Sixteen nations battled in the first semifinals to qualify for Eurovision Song Contest finale on May 23. Ten qualified. When the jury and spectators' votes were counted, they served up some surprises.
After a glamorous downbeat delivered by last year's winner, Conchita Wurst, it was on to the contest, whose results surprised experts and betting agencies. Among the favorites, the Finnish punk band Pertti Kurikan Nimipäivät didn't advance to the next round.
With its fairy tale backdrop and theme of genocide, "Face The Shadow" seems a bit over-composed, but the song by Armenia's band Genealogy found favor with jury and spectators.
Having placed its bets on a very young artist, Belgium made the finals as well. Loïc Nottet gave a strong and idiomatic song-and-dance performance of "Rhythm Inside" on a black-and-white stage set.
Greece also took the hurdle with the pathos-laden ballad "One Last Breath," sung by Maria Elena Kyriakou (picture above).
Viewers also gave the thumbs-up to Estonia's pop rock song. In "Goodbye to Yesterday," Elina Born and Stig Rästa rendered the bleak mood of a one night stand in song. Their Tuesday evening performance wasn't a one night stand, however; they'll be back at Saturday's finale.
Big show, down-tempo sounds
Serbia sent a substantial singer Bojana Stamenov to the stage. In "Beauty Never Lies," the "Serbian Beth Ditto" delivered an explosive song, and her magnificent big dress generated the highest-octane glamour of all.
Hungary qualified with Boggie's folksy and understated antiwar song, "Wars For Nothing."
Peace and reconciliation is also the subject of Russia's powerful ballad "A Million Voices," with which Polina Gagarina made it to the final.
Giving her all for Albania, Elhaida Dani squeaked "I'm Alive" in the highest pitches and entered the final round.
Rumania's Voltaj convinced listeners with "De la capăt," a song about parents who work abroad and leave their children behind.
An energetic final number was delivered by Nina Sublatti from Georgia. Accompanied by a hectic laser show, she screamed "Warrior" into the audience, which then delivered the necessary votes for her to proceed to the final.
Only 16 countries voted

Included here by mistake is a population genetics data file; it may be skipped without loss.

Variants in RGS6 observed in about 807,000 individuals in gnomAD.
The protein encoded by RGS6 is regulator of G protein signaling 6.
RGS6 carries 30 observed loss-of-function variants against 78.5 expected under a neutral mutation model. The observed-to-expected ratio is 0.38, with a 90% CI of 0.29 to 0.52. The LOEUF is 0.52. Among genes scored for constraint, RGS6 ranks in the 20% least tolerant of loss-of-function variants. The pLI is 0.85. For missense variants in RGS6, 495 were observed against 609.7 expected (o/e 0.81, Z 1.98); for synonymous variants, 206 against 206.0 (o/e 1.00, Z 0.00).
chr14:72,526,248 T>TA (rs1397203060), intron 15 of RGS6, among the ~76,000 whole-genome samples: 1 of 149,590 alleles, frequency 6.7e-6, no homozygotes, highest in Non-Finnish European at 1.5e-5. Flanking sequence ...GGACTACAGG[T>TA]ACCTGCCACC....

The order in which the songs were performed was not coincidental. Host broadcaster ORF (Austrian Public Broadcasting) had carefully chosen the starting positions so that the audience wouldn't be lulled to sleep with multiple slow songs in a row.
But with the majority of entries in the 2015 edition of the ESC being ballads - performed with varying degrees of bombast and considerably removed from the zeitgeist - the risk of a certain boredom looms. The finale will benefit from a couple of up-beat exceptions like Belgium's young dance performance.
All 16 acts were required to perform for the jury on Monday, which then awarded half of the points. The television audience then had the opportunity to call in their votes in Tuesday evening's show, with only the participating countries allowed to vote and none permitted to vote for their own country.
The next semifinal is set for Thursday. A starting position is guaranteed to host country Austria and the five highest contributors to the European Broadcasting Union (EBU): Germany, France, Great Britain, Spain and Italy. This year, Australia was invited to participate and will also be among the 27 countries vying for the top honor on Saturday.
Ann Sophie in good spirits
After having given a splendid rehearsal performance, Germany's entry, Ann Sophie, gave a press conference on Tuesday. Calm, composed and spontaneous, she chatted casually with journalists from various countries in impeccable English and gave a brief impromptu rendition of part of a song by her favorite singer, Beyoncé. Wrapping up the appearance, she followed up with an acoustical sample of her ESC song "Black Smoke," joined by her guitarist.